TSPLOST Failed, What's Plan B?

Voters have rejected TSPLOST, but traffic congestion is still a major problem in Cobb and Metro Atlanta.


TSPLOST has failed. So, what's next?

In Cobb, the transportation referendum received a "no" vote from roughly 70 percent of voters. However, many had various reasons for voting no. Voters in all the other 10 counties included in the Metro Atlanta TSPLOST rejected the referendum as well.

Throughout all the debates, forums and rallies, the one thing TSPLOST supporters and opponents agreed on was that something needs to be done about the transportation problems in Metro Atlanta.

It's just that no one has decided exactly what that would be.

There are several reasons for voters' opposition to TSPLOST:

Most people just didn't want any more taxes, especially during this economic downturn.

Some like Ron Sifen, a transportation activist and Vinings resident, supported the concept of TSPLOST, but not the project list.

Others, such as former Cobb Chairman candidate Mike Boyce, wanted to wait until Cobb completed its alternative analysis study before voting for the transportation tax.

Additionally, others felt like the TSPLOST simply would not benefit their community. District 4 Commission Candidate Lisa Cupid said, "Just because jobs are coming (as a result of TSPLOST) doesn't mean jobs are coming to us."

The Georgia NAACP said the transportation tax would not benefit minority- or women-owned businesses.

Now that TSPLOST has failed, what's Plan B? What are your suggestions and ideas for improving traffic problems in Metro Atlanta? Tell us in the comments below.

For any and all of these reasons, it failed, so what's Plan B? Is there a Plan B?

Various elected officials, organization leaders and stakeholders claimed there was no Plan B to TSPLOST. Politifact Georgia deemed that claim to be "mostly false" in a recent assessment.

During a July 23 TSPLOST forum in East Cobb, State Rep. Ed Setzler, who chairs the Cobb delegation, said, "We can come back in two years with a project list that's worthy of our support."

Senate Majority Leader Chip Rogers (R-Woodstock) said flat-out, "There is a Plan B."

The Atlanta TEA Party and Sierra Club have already drafted a plan B, which includes allowing local governments to form fiscal partnerships with GDOT.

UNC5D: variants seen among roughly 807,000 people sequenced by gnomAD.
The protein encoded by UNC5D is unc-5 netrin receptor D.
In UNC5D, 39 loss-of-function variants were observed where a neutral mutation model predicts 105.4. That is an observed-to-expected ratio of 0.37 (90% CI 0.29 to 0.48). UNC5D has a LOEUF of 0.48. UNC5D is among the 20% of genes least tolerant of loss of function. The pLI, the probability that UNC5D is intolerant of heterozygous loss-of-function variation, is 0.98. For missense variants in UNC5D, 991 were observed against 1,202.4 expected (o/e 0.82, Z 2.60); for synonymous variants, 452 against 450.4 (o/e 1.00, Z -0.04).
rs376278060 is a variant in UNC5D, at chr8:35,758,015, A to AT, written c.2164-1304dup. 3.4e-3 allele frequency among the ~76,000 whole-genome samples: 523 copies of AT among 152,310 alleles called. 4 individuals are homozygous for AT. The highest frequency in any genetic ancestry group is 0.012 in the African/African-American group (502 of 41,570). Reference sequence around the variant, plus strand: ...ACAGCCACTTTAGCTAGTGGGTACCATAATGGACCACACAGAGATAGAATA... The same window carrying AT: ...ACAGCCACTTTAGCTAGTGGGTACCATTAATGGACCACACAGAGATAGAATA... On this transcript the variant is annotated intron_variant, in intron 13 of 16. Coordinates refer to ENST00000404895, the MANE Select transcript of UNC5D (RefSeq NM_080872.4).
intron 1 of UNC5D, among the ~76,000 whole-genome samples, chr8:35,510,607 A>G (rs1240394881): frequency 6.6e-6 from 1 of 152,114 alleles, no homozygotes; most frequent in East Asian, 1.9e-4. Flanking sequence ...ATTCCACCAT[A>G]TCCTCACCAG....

Sifen wrote in a recent Marietta Daily Journal column that Plan B must begin by "establishing sensible criteria." One of his criterion was, "Regional road projects must be designed to reduce commute times in corridors that serve at least 60,000 car trips per day, and where traffic flow is impacted for at least 5 miles."


What criteria would be needed for you to vote for a TSPLOST Plan B?

Brent Ferguson August 08, 2012 at 08:07 AM
Ga DOT has misspent millions, why institute a tax to give them more? Government will never spend your money as wisely as you can. Please vote down any tax that 1> won't be spent on something important to you or 2> doesn't have an ironclad termination. Remember the tax that used to be on your cell phone bill? The one that was intended to fund the Spanish American war? Politicians like to take your money, getting them to stop doing it can take more time than you think. http://www.usatoday.com/money/industries/telecom/2006-05-25-phone-tax_x.htm
Brian August 09, 2012 at 05:30 AM
John: Get rid of Cumberland businesses and then see how much your property taxes increase. You seem interested in biting the hands that feed you.
Brian August 09, 2012 at 05:32 AM
Baltimore-DC is worse for through traffic and I don't see their highways getting converted to HOT-only.
Brian August 09, 2012 at 05:36 AM
EL need not be monorail. Monorail's problem is that it isn't compatible to run on other tracks. It is also not upgradeable to heavy rail without doing it all from scratch.
Chris P. August 09, 2012 at 11:22 AM
Plan B? Remember that the proponents ran their campaign on the premise that "there is no plan B." If we didn't pass the tax, businesses would move out, hordes of angry citizens would converge on U-Haul rental shops to head for Charlotte, and tumbleweeds would be blowing through downtown. So there is no plan B ... unless the proponents were just lying.


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